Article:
In outlining its Prevent strategy, the UK government has identified university campuses as the new frontline in the battle against Al-Qa'ida. Yet the success of the strategy will depend largely on the willingness of universities to see the problem through the same lense as the government.
The victory of Scottish nationalists in the recent Scottish Parliamentary elections brings closer the possibility of Scotland's independence. With Britain's nuclear arsenal located largely in Scotland, policymakers must now consider what independence would entail for the security of the United Kingdom.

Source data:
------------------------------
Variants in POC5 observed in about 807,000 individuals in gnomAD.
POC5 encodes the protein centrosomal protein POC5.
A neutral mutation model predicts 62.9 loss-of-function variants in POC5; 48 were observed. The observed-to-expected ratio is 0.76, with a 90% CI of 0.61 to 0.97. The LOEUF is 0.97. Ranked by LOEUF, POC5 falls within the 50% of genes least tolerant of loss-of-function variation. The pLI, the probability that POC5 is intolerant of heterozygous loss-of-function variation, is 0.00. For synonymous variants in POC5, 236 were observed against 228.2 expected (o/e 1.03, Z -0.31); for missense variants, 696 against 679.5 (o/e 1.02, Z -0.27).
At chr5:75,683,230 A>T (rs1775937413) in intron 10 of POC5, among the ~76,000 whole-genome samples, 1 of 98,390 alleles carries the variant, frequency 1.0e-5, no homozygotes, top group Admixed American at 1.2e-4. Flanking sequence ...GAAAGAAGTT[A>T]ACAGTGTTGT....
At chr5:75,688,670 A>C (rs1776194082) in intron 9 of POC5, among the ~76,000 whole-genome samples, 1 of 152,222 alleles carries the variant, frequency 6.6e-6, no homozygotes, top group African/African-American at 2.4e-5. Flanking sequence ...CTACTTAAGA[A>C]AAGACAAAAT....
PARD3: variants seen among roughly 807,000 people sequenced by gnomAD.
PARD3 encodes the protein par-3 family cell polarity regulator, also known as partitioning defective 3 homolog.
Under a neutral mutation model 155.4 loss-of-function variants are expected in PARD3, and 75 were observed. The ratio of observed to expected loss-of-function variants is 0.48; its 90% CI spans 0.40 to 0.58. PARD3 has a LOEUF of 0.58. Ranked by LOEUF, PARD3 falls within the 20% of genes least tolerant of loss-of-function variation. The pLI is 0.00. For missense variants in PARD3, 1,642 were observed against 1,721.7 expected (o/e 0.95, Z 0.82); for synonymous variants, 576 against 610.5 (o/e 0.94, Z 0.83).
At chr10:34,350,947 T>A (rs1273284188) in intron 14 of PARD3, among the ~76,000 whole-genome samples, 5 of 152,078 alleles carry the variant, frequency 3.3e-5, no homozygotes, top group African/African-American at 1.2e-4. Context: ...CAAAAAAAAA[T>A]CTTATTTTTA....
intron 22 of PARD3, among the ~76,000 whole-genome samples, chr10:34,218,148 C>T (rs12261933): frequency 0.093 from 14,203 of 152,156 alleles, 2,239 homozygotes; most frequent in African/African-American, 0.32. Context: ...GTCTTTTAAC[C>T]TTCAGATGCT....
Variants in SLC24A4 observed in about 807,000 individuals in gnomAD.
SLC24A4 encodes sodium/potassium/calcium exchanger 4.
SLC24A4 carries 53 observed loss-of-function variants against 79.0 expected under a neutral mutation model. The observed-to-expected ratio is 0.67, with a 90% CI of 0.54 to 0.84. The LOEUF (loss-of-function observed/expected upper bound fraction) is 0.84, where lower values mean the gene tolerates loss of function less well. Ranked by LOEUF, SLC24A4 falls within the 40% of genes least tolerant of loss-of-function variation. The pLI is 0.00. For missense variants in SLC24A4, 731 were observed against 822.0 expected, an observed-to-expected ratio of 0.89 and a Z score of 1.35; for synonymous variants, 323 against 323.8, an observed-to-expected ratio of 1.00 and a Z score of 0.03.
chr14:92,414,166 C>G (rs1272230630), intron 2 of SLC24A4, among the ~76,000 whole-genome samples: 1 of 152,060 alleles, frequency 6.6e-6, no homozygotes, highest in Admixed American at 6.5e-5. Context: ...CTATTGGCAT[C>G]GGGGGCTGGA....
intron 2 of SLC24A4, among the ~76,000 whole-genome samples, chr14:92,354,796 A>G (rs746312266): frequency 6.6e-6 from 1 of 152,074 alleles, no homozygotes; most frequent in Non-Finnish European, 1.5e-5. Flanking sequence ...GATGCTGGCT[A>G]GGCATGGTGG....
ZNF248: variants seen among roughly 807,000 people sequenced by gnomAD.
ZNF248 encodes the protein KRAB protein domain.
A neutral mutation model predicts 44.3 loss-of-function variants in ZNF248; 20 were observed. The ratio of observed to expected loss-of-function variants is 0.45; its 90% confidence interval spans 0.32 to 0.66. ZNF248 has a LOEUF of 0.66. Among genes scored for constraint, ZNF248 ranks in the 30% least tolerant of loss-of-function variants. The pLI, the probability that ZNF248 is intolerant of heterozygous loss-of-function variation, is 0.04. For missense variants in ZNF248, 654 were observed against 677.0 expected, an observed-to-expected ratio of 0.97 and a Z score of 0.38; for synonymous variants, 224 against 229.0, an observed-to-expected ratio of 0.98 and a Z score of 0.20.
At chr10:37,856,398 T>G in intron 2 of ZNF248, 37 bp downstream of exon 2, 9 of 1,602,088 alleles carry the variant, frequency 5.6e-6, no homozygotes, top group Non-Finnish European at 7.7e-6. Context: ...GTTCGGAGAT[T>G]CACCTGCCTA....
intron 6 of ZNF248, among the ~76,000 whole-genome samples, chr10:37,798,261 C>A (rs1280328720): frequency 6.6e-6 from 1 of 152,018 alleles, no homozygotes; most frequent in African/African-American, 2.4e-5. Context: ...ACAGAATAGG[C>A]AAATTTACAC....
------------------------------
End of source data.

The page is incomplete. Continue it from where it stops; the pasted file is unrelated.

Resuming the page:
In conducting a review of the Prevent counter-terrorism strategy, a genuine effort has been made to recalibrate the policy. Yet, behind the rhetoric of the document, the substance of the argument risks to be lost over vague, and sometimes contradictory, terms of reference. More clarity is still required for the counter-radicalisation policy to be effective.
The Cretan campaign shows how one side’s superior intelligence cannot compensate for inferior air power, infirmity of purpose and rigidity of mind; Arnhem illustrates the folly not so much of making inadequate use of available intelligence but of wilfully